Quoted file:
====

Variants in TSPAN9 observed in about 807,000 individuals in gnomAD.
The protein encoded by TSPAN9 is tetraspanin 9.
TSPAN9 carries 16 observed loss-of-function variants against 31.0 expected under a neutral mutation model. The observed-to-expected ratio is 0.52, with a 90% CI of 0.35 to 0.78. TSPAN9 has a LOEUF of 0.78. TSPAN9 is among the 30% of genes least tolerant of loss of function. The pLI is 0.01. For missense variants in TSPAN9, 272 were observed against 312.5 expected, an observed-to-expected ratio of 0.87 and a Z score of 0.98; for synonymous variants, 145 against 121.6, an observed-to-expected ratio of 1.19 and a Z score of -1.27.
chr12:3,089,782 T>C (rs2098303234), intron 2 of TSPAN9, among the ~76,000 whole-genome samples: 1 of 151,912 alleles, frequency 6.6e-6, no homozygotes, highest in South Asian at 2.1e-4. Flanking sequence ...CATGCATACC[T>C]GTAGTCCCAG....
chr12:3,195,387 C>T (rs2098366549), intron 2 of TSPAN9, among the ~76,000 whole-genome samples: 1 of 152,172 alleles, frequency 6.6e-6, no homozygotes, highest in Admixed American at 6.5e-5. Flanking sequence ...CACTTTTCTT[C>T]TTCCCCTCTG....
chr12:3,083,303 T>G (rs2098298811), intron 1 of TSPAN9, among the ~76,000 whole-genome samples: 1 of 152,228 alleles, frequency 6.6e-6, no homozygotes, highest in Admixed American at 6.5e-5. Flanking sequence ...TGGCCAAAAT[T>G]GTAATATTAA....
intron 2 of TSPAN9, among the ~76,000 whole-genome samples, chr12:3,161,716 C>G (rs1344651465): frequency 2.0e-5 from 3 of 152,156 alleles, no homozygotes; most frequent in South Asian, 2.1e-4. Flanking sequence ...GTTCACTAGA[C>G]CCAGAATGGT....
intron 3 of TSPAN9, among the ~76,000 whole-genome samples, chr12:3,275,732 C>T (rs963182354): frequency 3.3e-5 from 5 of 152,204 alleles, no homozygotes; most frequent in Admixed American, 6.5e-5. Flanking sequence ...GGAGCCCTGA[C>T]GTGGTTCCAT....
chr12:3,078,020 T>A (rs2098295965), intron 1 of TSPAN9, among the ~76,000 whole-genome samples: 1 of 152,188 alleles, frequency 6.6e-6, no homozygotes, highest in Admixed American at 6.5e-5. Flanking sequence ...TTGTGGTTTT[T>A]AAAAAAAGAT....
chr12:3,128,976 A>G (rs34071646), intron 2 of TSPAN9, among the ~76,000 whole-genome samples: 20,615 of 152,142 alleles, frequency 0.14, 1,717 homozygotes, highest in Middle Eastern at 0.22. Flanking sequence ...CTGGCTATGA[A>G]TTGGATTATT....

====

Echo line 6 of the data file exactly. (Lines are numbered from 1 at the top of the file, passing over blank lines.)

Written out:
chr12:3,083,303 T>G (rs2098298811), intron 1 of TSPAN9, among the ~76,000 whole-genome samples: 1 of 152,228 alleles, frequency 6.6e-6, no homozygotes, highest in Admixed American at 6.5e-5. Flanking sequence ...TGGCCAAAAT[T>G]GTAATATTAA....